Switching seamlessly from sex to death, we have a really fascinating event, Crime Scene: NHM, at this Friday's After Hours. At this you’ll get the chance to learn some of our world class forensic experts’ tricks of the trade as you take part in a ‘forensic investigation’ here at the Museum. The event culminates in a ‘trial’ where real barristers, police officers and a judge will demonstrate just how important forensic evidence is to a verdict. But there are only a few tickets left so hurry to get in on the crime scene.

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Switching less seamlessly to dinosaurs, don’t forget that our equally immersive dinosaur experience, the Age of the Dinosaur exhibition, is also available for you to experience after hours.

 

With apologies, our Darwin Centre Courtyard terrace will only have limited access this Friday due to construction work, but you can still enjoy your Pimms out there. Mini picnics should be picked up from the Darwin Centre atrium as usual.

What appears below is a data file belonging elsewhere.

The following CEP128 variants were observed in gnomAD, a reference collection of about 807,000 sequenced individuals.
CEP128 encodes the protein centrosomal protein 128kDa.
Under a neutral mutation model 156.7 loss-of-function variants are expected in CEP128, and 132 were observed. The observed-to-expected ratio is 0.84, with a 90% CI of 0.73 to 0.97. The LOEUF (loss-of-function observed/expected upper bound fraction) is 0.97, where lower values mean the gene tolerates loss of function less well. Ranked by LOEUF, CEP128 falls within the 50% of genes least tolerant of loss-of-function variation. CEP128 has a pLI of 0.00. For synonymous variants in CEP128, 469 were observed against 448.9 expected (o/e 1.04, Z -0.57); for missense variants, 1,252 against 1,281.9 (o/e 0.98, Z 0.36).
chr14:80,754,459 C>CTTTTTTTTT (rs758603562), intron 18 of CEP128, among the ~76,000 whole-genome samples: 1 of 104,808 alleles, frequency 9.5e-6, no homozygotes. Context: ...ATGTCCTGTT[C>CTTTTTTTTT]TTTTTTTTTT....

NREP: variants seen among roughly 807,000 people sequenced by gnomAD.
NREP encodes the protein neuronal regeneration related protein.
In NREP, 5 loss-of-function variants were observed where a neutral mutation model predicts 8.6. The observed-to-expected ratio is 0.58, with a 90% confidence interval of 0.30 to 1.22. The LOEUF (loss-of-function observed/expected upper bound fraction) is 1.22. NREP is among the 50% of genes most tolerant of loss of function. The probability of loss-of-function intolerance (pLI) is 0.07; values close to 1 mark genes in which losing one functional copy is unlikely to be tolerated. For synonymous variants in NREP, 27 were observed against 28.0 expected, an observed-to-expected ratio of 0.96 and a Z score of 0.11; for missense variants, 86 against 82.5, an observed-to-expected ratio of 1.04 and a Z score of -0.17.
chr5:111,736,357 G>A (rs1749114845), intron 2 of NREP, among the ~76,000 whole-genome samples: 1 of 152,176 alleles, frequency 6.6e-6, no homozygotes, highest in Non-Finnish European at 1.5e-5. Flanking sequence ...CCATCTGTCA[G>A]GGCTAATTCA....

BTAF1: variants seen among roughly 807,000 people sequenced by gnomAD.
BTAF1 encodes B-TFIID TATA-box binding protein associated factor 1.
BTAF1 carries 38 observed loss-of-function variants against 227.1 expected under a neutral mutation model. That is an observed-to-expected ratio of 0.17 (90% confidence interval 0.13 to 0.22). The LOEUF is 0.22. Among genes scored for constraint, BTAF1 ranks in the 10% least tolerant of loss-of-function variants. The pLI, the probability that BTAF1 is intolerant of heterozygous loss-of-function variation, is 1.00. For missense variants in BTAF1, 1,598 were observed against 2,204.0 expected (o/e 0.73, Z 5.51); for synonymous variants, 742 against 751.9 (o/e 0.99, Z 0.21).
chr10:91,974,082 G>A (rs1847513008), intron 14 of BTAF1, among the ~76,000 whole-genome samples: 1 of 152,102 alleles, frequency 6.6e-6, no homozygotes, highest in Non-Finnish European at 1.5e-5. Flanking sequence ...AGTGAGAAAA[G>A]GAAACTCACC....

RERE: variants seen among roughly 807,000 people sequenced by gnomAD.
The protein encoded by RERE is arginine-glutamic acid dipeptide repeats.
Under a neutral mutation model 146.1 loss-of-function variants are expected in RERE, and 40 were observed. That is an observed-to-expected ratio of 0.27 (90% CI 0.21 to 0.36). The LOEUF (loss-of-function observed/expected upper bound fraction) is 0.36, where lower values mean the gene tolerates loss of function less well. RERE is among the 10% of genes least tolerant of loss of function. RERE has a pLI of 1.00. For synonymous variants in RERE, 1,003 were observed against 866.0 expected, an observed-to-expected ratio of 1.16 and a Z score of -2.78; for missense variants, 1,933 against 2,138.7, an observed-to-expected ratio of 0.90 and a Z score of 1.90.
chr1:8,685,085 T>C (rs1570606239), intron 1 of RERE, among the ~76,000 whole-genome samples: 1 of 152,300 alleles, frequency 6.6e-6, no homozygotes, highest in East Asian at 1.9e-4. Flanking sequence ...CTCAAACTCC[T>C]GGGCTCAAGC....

Right: Pick up your Mini picnic in the Darwin Centre atrium, where you can also sip Pimms from the bar.

 

Find out more about After Hours

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It's only 3 days to go till our After Hours: Science Uncovered big night this Friday, 24 September, and the last operational plans are in frantic motion.

 

Yesterday was the dress rehearsal for scientists to bring out their star specimens and run through setting up the event's science stations in the Central Hall. The 9 Face to Face science stations are mostly located in the Museum's Central Hall bays. Each represents one of the Museum's main science departments and will showcase specimens from our collections and their research.

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Left: This complete skull of the female Yangtze River dolphin (also known as Baiji), was collected from Tung Ting Lake in 1922. It is on show at Science Uncovered and measures 54cm long and has 36 pairs of teeth in its upper and lower jaws.
Right: A live Chinese River dolphin rescued from the Yangtze River in 1980. She died in 2002. AFP/Getty Images

 

At the science stations you'll find some truly precious and extraordinary specimens to explore and discuss face to face with our experts. Many have never been on public display before. It's vital that they are handled securely and the timings of the rota of exhibits runs to schedule. During the evening from 16.00 onwards, different scientists with their different chosen specimens will alternate on shift